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Time for true multi-touch


ouch technology has quietly – but almost completely – revolutionised the way people interact with computers. Intuitive touch applications that can be accessed easily by casual users are shortening queues in

stores and fuel stations, for example, by enabling fast, easy self service. Touch-enabled interactive signage is helping shoppers find the outlets they need in large and busy shopping malls, and touch-based control panels are helping industrial staff set up and supervise complex processes with minimal training. Touch panels are even helping patients monitor their own vital signs without needing to see a doctor. Touch has successfully permeated everyday life, and allows vast numbers of people to interact confidently with high- tech equipment.

The arrival of the iPhone and subsequent competing smartphone designs has taken market acceptance – and expectations – to an even higher level. By supporting gesture- based actions such as dragging, pinching and flicking, these devices have provided an introduction to basic

enhancements up to dual-touch, which simplify tasks such as managing media, browsing and selecting “apps”, and entering various types of data. Suddenly, the value of more than one touch is appreciated. But these chic devices, with their tiny screen sizes, are only warming up the audience for more exciting and far-reaching developments in the future.

Coming next, full multi-touch functionality – using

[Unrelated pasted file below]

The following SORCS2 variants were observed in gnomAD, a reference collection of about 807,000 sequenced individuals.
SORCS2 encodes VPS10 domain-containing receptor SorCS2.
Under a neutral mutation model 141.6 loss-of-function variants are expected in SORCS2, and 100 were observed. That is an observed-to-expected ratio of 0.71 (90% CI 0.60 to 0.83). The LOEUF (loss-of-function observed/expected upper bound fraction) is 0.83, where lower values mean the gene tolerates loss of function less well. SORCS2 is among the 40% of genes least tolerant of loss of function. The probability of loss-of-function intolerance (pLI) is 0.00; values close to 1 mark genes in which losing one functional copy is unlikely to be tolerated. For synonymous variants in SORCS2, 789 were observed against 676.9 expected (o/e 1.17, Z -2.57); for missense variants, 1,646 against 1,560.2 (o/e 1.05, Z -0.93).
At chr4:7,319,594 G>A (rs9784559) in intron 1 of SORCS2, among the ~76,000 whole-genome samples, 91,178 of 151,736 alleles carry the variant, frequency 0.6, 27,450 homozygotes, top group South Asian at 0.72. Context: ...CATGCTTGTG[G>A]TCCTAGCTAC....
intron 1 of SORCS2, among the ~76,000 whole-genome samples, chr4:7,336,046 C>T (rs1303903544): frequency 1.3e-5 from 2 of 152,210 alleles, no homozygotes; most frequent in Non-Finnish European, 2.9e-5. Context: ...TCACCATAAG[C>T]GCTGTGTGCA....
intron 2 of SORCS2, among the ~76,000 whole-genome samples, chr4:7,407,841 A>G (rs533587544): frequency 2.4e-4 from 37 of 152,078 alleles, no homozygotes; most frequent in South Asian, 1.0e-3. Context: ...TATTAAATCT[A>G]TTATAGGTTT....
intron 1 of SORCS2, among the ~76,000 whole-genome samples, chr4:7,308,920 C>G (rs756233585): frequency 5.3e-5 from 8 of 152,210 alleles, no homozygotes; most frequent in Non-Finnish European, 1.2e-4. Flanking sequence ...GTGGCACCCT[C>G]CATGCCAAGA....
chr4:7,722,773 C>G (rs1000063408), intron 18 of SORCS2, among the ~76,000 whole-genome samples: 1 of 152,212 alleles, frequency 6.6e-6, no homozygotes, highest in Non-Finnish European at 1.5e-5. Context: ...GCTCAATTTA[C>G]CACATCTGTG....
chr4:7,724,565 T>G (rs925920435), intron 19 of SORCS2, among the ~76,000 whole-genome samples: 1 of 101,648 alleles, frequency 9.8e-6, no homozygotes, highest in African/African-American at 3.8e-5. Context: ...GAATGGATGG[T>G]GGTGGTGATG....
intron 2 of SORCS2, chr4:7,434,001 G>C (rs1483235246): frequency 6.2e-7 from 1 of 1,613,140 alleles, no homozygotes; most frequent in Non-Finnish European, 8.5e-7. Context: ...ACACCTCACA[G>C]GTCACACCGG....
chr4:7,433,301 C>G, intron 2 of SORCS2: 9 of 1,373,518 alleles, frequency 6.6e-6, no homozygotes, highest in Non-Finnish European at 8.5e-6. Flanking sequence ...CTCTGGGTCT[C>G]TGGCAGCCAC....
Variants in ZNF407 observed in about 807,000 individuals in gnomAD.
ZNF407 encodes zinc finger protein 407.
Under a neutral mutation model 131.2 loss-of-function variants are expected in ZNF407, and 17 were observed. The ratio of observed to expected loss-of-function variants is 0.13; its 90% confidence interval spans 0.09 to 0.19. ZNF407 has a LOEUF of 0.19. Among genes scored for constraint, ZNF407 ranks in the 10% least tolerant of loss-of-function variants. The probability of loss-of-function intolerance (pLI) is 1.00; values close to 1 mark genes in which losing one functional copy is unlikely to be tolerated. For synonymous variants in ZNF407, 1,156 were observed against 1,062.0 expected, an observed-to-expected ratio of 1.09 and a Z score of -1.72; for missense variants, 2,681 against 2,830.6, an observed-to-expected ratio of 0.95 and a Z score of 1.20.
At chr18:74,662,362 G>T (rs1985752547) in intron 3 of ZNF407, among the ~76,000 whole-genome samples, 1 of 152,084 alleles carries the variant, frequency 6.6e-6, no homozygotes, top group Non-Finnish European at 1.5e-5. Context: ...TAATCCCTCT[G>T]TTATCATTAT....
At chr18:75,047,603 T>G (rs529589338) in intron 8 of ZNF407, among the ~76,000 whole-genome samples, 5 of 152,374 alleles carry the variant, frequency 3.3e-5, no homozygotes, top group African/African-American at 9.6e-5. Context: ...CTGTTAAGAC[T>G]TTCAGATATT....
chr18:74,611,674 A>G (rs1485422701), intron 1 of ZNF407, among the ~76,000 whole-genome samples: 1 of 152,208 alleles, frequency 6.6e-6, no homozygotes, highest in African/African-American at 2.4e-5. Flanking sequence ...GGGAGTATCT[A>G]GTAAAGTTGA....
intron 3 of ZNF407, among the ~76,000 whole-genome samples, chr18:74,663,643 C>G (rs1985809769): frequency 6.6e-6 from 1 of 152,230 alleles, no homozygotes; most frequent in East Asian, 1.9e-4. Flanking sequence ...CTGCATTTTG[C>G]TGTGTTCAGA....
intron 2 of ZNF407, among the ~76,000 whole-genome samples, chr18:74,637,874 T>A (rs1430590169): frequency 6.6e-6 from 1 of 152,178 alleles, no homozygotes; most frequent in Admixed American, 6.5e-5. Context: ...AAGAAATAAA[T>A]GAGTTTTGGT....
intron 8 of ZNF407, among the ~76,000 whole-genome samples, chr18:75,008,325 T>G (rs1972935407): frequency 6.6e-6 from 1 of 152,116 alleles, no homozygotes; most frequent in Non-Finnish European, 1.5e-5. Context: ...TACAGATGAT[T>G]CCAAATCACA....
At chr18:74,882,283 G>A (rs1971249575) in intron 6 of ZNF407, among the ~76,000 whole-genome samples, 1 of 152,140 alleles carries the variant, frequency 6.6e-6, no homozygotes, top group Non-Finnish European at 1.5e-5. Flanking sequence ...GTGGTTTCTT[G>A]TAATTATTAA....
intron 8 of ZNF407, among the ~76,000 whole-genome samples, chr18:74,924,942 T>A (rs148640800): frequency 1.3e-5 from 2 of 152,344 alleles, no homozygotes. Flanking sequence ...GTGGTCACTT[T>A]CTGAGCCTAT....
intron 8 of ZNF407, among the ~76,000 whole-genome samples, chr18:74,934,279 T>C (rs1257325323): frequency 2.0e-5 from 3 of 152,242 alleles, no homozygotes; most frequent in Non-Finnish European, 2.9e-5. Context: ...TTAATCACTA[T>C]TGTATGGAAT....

more than two fingers – will allow much more sophisticated single-user and multi-user applications capable of responding to 10 or even 20 simultaneous touch inputs. This promises a future offering more intense and engaging gaming experiences, including


Full multi-touch computing is no longer a vision for the future, but presents a tremendous and immediate opportunity, says Paolo Pedrazzoli, EMEA Marketing Operations Manager, 3M Touch Systems

highly intuitive multi-user games, as well as significantly increased productivity and easier collaborative working using professional applications such as 3D modelling tools. We can also expect educational software to become more involving for larger groups of students, as well as new retail experiences. For example, the ability to create custom configurations of products such as clothes or kitchens, walk around, fine-tune, and inspect the result in detail before making a final buying decision.

A clear indication that big developments such as

these are in the air is the arrival of Windows 7 with its built-in MultiTouch platform, which is effectively capable of supporting as many simultaneous touch points as the underlying hardware will permit.

Windows 7 includes out-of-the-box support for

basic gestures similar to those available on today’s latest generation smartphones, allowing most applications to implement features such as dragging an object, adjusting orientation, resizing, or zooming- in, with no specific touch-development effort required. In addition to this, however, Windows 7 provides the features necessary to support full multi- touch capabilities in applications developed by Independent Software Vendors (ISVs) to exploit them.

The critical enabling mechanism allowing Windows

7 to support full multi-touch applications is the ability to pass raw data, describing multiple touch points, to the application using a new class of Windows Message: WM_Touch. One WM_Touch message can contain data on several different touch points, which the application must unpack in order to apply appropriate logic to individual touch points. This will allow software developers to significantly increase the scope and diversity of touch-enabled applications.

To create successful multi-touch applications,

however, software developers need access to functioning hardware supporting true multi-touch

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